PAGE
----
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Push Industries

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About Push Industries

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  1. It's not really particular to the discussion necessarily, but if you check out the link below you can see our EMA running actual suspension data collected using our on-board data loggers. Heck, you'll even get a look at one of our data loggers. http://www.vitalmtb.com/photos/features/First-Look-Push-Industries-Elevensix-Coil-Shock,8629/Slideshow,0/bturman,109 Darren
  2. Push Industries

    shim changes and damping curves, based on dyno testing

    I'm confused. Are you saying that when you run a PVP test that you're also getting CVP data? Just because you grab an individual velocity from a multi PVP file doesn't mean that you're getting CVP data. Also, I'm very surprised that Scott would recommend using PVP files for any kind of data evaluation because it doesn't tell the story of what is actually going on in the damper, but rather just a quick snap shot of the limit of the velocity being tested. Especially in a situation where you have so many dynamics such as bleed, preload, displaced volume, speed sensitive volume, shims, valve springs etc. You mention that "I have found the PVP shows a little more detail at the lower velocities." but how could that be the case when you're getting such fewer data points and really just an average of the few that are being collected? Darren
  3. Push Industries

    shim changes and damping curves, based on dyno testing

    Depends on what we're doing. Offroad damper tests are tested to a minimum of 60 in/sec up to 180 in/sec.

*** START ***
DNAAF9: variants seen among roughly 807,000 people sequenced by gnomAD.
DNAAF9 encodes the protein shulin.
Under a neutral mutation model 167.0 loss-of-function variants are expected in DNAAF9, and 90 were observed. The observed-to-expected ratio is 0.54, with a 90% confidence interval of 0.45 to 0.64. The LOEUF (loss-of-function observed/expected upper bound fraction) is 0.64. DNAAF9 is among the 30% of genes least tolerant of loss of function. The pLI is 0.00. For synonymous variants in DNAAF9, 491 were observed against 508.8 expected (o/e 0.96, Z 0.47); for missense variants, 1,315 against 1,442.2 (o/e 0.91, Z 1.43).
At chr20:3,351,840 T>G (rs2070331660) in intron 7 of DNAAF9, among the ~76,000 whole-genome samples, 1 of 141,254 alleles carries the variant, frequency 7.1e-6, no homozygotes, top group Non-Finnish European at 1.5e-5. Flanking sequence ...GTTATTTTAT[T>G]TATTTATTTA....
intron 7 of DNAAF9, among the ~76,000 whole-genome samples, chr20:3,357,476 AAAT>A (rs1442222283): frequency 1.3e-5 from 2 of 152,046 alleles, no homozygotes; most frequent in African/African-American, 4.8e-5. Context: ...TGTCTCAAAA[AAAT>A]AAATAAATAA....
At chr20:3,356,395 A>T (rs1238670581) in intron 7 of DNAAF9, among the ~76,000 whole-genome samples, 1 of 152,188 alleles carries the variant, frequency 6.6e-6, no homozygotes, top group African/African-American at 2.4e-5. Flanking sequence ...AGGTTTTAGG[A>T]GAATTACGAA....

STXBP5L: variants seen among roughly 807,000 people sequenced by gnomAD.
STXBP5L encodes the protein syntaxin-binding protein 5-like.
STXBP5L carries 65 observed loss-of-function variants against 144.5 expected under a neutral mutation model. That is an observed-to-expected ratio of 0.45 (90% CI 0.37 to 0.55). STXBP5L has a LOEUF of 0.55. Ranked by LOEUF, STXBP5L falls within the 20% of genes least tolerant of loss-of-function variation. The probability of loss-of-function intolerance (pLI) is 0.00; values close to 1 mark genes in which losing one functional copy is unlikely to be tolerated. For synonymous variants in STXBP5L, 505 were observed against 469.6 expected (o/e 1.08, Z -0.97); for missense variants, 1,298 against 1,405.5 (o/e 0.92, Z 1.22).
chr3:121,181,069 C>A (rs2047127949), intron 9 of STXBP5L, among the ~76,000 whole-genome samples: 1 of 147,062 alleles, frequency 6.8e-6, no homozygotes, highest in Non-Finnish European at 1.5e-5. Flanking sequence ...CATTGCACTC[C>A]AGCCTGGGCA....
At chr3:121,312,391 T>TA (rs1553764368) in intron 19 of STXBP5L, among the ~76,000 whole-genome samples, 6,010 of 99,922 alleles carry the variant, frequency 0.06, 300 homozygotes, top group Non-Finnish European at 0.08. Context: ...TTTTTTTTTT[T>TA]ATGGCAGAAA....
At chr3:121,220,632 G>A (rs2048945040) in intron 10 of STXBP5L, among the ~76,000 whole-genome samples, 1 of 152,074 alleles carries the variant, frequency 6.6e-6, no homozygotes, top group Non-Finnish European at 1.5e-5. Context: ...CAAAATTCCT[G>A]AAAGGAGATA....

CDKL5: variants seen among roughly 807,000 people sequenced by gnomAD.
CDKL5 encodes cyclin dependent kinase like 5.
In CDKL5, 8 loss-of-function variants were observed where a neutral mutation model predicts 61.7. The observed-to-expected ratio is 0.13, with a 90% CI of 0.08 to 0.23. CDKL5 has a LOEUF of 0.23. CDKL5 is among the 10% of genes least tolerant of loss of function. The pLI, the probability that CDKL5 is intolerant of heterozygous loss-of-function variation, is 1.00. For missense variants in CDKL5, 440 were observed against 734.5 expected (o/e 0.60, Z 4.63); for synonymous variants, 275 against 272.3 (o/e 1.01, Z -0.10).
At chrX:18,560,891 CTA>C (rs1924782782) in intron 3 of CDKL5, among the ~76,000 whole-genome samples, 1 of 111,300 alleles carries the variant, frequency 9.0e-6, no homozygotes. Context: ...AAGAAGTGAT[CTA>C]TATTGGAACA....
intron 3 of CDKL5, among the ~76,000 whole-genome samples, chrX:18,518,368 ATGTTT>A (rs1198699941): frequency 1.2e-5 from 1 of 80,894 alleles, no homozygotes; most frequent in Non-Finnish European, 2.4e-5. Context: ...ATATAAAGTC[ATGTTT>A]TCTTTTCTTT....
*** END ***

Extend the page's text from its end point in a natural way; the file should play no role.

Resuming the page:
4. Push Industries

    shim changes and damping curves, based on dyno testing

    Here's a force curve of a rear shock from a 2014 YZF450. This test was performed on our Roehrig Engineering EMA and is gas force corrected. Specs: LSC-10 Out HSC-2 Turns Out Reb-18 Out Gas Pressure: 158psi Darren
  5. Push Industries

    shim changes and damping curves, based on dyno testing

    The rod certainly shouldn't be preloaded 100lbs if the gas pressure is only between 150-175psi! Also, when you dyno a shock or fork the machine runs a "gas test" prior to running the damper tests in order to isolate it from the equation. This allows you to view and manage the data from each independently. Darren
  6. Push Industries

    shim changes and damping curves, based on dyno testing

    The force curves shown are linear and not digressive in character...although, this a Microsoft Excel spreadsheet shown and not the actual dyno curve so I'm assuming there's some translation loss? I'm guessing that's why you also show 100lbs of force @ 0 velocity? Almost 300lbs of force change @ 50ips via the external adjuster? If that's the case something is wrong. The force produced by a standard KYB adjuster is only 300lbs of total force so it shouldn't show up in the 600-900lb range. Darren
  7. Push Industries

    Tony Foale leverage ratio software

    Do you have an on board data logging system? If so, mount a pot to the center of the axle and one in the position of the shock and cycle the suspension through its stroke. Most logging software has a motion rate feature which can convert the data within minutes. Takes a while to get the bike prepped with the equipment, but all in all it only takes about an hour to map a bike with all of the assembly work. This method also eliminates the potential of inacurrate measurements by the operator. Darren